I have now watched THE HOBBIT AUJ in both the 3D formats that it is released in as far as frame-rate is concerned. I watched the standard 24FPS version on the best 3D screen in the country, Meydan's IMAX cinema. I then watched the 48FPS High-Frame Rate version at the Grand Snakeplex. Without the slightest of hesitation, I wholeheartedly support the HFR experience.
The simplest way to explain the difference in my two experiences is by comparing it to what I honestly felt when I was watching the movie a second time: it is like upgrading from low-res to hi-res, i.e., from VHS to DVD, or DVD to Blu-Ray (see below). Although the two can't be equated on technical terms (hi-res means there is more information per single-image, HFR means more images per second), they can be compared in one way: both "upgrades" mean more information for the eye (and mind) per second. Acceptance of the new format, or rejection as the case may be, is dependent on a person's ability and willingness to adapt to the new. For traditionalists, the HFR format will be as appalling as AudioCDs are to vinyl enthusiasts. But opinion aside, there is no disputing the fact that HFR is *technically* better.
Going from the standard 24FPS to 48FPS HFR is similar to upgrading from Stereo sound to Surround sound. For the same movie, it enhances the experience by providing for a better quality of what you sense. I distinctly remember watching LORD OF THE RINGS on Blu-Ray for the first time. It all felt fake. I could see the smallest of wrinkles on Gandalf’s face. I could even see the strands of Galadriel’s hair. The armour of Sauron looked too metallic, and the nose of Gimli was too bulbous. But this was when I was skipping through scenes to see what the movie “looked” like. Once I started watching the film from the start, it took me just a few minutes, and then I was absorbed into the film (with regular gasps of how good things now looked). Now I find my DVD experience of the same movie less satisfactory. But you know what? I also still remember my first experience of surround sound, MORTAL KOMBAT in 1995 at Dubai’s legendary but now defunct Al Nasr Cinema. I would to turn back to see who’s shouting from the back, until I realized that the movie’s sound was all around us.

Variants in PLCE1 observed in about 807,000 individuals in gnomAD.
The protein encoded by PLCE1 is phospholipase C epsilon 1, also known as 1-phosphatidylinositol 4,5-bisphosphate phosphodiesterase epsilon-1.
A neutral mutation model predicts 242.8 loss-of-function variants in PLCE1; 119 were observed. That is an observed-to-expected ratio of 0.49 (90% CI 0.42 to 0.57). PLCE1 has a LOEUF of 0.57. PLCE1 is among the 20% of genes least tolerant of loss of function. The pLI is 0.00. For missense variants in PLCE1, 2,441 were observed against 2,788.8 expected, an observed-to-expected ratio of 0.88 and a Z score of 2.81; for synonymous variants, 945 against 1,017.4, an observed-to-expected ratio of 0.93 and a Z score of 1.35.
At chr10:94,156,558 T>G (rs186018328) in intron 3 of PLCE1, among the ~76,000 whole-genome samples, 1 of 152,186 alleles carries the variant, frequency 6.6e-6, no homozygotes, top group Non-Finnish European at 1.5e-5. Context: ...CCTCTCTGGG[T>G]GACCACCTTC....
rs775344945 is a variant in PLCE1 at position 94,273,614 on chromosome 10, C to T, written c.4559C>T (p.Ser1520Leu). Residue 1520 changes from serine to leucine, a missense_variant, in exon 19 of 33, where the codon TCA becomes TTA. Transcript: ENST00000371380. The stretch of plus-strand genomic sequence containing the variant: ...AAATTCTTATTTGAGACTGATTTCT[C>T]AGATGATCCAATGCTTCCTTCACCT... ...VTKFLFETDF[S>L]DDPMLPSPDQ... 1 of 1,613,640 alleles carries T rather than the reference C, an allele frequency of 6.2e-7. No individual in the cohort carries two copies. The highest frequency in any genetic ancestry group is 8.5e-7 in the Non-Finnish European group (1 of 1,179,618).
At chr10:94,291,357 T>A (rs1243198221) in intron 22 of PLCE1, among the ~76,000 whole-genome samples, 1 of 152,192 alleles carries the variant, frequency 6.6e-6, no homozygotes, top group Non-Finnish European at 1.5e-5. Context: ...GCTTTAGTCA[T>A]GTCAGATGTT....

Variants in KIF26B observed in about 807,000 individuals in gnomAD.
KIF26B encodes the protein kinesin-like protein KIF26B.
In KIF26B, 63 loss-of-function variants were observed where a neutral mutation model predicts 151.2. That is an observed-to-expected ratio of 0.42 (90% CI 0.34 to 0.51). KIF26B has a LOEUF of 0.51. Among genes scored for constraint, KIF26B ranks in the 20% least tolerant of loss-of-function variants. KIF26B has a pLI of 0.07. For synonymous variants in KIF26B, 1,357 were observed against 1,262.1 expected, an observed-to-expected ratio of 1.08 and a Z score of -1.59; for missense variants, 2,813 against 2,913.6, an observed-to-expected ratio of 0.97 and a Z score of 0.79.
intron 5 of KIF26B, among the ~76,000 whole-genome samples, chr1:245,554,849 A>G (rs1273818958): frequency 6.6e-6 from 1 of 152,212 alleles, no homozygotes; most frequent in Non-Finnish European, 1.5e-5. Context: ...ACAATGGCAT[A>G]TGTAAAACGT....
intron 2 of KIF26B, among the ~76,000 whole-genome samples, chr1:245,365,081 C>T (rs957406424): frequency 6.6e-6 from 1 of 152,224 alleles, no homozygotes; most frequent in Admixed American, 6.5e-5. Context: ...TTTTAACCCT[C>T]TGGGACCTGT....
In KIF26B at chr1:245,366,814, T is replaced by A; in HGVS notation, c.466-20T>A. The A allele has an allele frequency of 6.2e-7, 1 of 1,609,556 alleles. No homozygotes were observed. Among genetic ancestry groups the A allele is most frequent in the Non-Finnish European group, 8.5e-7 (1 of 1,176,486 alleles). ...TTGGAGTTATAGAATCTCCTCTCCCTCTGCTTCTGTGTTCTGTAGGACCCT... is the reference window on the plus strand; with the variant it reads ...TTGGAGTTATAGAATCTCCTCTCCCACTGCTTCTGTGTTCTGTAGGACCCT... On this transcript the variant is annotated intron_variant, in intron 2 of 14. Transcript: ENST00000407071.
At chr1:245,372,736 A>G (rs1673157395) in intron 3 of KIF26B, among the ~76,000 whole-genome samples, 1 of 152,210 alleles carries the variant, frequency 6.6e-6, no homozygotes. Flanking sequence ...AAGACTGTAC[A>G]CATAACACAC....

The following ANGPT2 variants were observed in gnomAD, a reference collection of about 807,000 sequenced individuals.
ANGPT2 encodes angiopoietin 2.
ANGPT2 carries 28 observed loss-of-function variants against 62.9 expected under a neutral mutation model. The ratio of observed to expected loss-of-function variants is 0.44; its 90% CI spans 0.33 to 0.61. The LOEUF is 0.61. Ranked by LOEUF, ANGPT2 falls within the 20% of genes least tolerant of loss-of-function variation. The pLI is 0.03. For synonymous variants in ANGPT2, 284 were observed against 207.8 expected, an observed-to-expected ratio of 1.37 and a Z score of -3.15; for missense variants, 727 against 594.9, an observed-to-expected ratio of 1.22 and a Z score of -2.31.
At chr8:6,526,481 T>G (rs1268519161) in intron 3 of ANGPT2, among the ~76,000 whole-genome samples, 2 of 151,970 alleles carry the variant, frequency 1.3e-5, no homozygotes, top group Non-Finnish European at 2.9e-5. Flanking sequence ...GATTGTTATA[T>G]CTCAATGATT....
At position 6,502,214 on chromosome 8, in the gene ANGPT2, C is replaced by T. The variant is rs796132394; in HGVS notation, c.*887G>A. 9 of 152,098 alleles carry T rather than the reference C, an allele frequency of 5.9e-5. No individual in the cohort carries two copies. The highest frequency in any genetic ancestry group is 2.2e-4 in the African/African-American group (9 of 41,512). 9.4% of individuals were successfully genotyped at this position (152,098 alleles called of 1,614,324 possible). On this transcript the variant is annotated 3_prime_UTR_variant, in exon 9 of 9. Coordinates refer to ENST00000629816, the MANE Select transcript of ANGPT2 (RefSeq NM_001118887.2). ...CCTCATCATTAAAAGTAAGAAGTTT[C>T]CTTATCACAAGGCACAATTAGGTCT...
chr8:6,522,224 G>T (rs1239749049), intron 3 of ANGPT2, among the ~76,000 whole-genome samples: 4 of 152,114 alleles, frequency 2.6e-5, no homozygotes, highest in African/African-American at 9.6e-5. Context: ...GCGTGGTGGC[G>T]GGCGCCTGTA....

When I watched THE HOBBIT AUJ in 48FPS 3D last night, it took me all of 12 minutes (I checked my watch) to get used to the super-clear images on screen. After that, it was an experience at the cinemas I haven’t had since I witnessed bullet-time in THE MATRIX. The audience regularly ooh’d and aah’d at the spectacular visuals. The cinema-screen became like a real window, peeking into this fantastic world that I felt I could reach out and touch. I didn't notice the sets as being fake. I couldn't make out the make-up of the actors, or the props being anything other than what they were supposed to be. In fact, the HFR took care of exactly what it was meant to: the 3D’s nauseating effect on the mind. At the end of the movie, neither were my eyes tired, nor did I have any throbbing in my head. Which had another direct impact on my experience of the film: I did not feel it long or tiresome at all. 166 minutes went by without another look at the watch or an uncomfortable shift in my seat. The effect of 48FPS was only positive.
It is also a mark of the quality of CGI effects and make-up that even at the heightened clarity of HFR, I could not make out the CGI from the practical effects, or the CGI from the make-up. Gollum, that wonder of a creation by Weta, withstood the scrutiny of close-ups. When the production values are so good, the director does not hide it in shadows or low frame rates.
Anybody who has not yet watched THE HOBBIT AUJ (and wants to watch it), or has not watched it in 48FPS 3D – I highly recommend the movie in 48FPS HFR 3D. It is an experience to behold.
Since still-images can’t convey what 48fps HFR is to regular 24fps, here are some image comparisons of DVD to Blu-Ray. The reason I include them here is because this is exactly how I felt going from 24FPS to 48FPS.
1) Does the "set" in the second image look fake?
3) Does the T-Rex in the second image look like a puppet/toy/hollow CGI?
48FPS HFR is a subjective experience. Experience it for yourself before deciding you like it or not.